So Canadians cease cardio-vascular training for the day, and we So-Californios tell them, “Situation better than normal.” Did they have fires to make me feel at home? I swear I didn’t mean to bring them with me. Even in the smoke I could read the inscription on the south side of the Peace Arch, which says, "Children of a Common Mother."
But indoors is not such a bad place to be. I read and played from Light in All Directions at The Cottage Bistro, a blues hang on
Main. Les Clarke the host made me feel right at home. He played a Bill Lewis guitar and even offered to let me try it, one of 24 ever made. David Gilmour plays a Lewis on Pink Floyd’s “Money.” Eric Clapton and Jimmy Page also played Lewises, but the luthier Mark Wilson passed away at a young age and the guitars were discontinued.
You could see Les loved this guitar and his work at The Cottage Bistro. Before he opened the night, he told me about some health issues, but when he leaned back with the Lewis during his set and shredded some blues, he changed his state of mind and ours, too.
In this environment, poems like “Hymn of Enough” were well received. It’s interesting to see how easily the blues leads to gospel. A young man named Yonny Vizzala came up after my set and asked about the “spiritual” quality of the poem. “Hymn of Enough” is one part Genesis 9:17, one part Matthew 6:10 and tragically only a fragment of
’s endangered species list. Of course, every poem also strives to be one part Exodus 20:16. California
Anyways, Yonny has been in
Vancouver for four years from , so he mentioned “Men in Trees” being interesting to him. I didn’t really know how a poem about Southern California’s migrant workers would go over in Venezuela Canada, but is a city with many migrant workers (So why are the gates open between Blaine and White Rock? Perhaps the $1-to-$1 exchange rate takes away an economic incentive to go south). Yonny says he wants to go to Vancouver Los Angeles someday to rock ‘n’ roll, but for now, there’s plenty of that in . Vancouver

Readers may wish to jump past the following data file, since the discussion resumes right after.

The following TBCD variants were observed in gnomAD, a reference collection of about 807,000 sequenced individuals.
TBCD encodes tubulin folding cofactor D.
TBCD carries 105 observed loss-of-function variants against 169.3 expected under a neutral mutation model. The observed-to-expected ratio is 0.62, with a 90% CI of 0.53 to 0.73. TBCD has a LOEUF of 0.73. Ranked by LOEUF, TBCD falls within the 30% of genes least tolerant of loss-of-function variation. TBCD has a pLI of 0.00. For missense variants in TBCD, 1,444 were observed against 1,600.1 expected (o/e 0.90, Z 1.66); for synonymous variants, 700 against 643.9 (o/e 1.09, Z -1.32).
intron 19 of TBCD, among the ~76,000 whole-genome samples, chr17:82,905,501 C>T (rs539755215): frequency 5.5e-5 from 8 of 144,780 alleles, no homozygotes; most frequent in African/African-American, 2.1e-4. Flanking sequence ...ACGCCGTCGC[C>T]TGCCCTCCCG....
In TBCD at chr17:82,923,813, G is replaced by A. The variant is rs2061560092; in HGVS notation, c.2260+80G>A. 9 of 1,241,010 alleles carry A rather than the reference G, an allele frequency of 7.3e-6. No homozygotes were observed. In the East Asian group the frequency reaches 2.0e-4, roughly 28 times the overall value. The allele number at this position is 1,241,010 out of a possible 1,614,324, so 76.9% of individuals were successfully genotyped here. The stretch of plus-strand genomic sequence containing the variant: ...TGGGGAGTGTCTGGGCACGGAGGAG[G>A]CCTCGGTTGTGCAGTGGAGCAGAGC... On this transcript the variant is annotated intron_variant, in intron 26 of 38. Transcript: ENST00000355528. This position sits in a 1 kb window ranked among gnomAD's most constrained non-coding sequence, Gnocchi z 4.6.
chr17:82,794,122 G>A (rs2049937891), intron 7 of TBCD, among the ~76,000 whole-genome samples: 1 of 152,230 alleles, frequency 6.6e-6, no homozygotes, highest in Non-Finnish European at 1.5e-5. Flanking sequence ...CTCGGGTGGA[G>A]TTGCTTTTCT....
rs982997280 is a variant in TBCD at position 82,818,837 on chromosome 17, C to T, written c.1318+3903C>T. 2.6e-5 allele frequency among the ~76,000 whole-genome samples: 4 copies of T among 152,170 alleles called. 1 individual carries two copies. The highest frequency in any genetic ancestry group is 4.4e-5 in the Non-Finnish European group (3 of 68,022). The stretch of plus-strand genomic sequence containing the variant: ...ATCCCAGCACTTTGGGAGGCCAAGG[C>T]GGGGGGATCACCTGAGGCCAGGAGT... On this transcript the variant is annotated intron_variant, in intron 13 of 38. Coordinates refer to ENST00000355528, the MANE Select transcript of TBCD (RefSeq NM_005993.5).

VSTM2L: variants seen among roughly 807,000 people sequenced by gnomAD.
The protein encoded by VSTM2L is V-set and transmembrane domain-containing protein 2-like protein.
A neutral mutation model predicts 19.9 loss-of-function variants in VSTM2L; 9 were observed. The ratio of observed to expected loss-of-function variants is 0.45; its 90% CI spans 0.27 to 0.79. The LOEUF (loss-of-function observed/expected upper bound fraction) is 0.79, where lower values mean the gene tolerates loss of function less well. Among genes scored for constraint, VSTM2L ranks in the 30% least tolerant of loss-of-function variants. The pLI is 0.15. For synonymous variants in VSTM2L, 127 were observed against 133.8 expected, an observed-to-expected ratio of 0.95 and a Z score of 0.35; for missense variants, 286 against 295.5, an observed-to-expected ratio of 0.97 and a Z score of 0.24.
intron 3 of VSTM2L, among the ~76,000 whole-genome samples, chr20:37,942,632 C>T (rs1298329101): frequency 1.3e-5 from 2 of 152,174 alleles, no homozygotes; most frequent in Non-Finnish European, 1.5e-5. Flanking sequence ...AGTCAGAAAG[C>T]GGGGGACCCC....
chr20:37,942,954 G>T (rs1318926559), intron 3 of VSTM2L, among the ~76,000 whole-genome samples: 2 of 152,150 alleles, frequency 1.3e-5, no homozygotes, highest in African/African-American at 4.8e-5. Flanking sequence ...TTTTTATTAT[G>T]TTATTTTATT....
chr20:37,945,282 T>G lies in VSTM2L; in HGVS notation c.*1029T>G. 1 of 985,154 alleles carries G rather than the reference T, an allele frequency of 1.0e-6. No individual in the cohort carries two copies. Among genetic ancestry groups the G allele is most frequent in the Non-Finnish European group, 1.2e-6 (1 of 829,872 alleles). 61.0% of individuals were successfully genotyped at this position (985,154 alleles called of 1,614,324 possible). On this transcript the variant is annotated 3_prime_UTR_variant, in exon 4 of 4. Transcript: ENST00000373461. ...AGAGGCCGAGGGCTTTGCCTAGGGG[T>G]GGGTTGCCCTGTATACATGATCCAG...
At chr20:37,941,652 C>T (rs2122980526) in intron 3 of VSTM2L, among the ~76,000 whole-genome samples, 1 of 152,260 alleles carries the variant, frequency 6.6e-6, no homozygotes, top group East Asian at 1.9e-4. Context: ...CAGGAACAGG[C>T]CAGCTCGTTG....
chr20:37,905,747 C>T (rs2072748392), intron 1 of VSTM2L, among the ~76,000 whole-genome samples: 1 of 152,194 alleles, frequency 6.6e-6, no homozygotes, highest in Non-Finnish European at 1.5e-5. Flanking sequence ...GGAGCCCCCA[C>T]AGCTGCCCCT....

At the end of my set, I performed “Flow Between Storms,” which began as a poem, but given its topic of guitars, it fought to become a song. The music revised the poem, so for anyone who wants to contrast the revision to the version in Light in All Directions, here it is:
Two gray clouds drop bronze notesthrough the storm behind my eyes.I’m a tree in this rain,my fingertips, the leaves.
Songs are seeds of memorysown into the dust.The roots dig down and the limbs reach outto carry the rain to the sun,yes, rain runs from the roots to the sun.
[bridge]There’s no drought in my heart while it beatswith the rhythm of waves rolling over the depths of the sea,waiting for the breaking.
Guitars are seeds exploding across the shell of sky.The wood grain swirls against the saw opening a hurricane’s eye.
[chorus]These storms overhead, are they blessing or wrath,metaphor or subterfuge?This song that you hear is a fragment of faithsomething survives the delugebetween the blues of daylight and the blues of night.
It felt good to be playing that song with Les Clarke’s Lewis made out of African ebony and Honduran mahogany sitting on the stand a few feet away. I thought I’d feel something about my Grampy's being from Canada, but
Quebec is too far from the West Coast . Vancouver is more about the Pacific. The place reminded me a bit of with its shops and clean narrow streets. I didn’t feel like too much of a stranger; though far from home, I wasn’t alone because the blues were there ahead of me. Singapore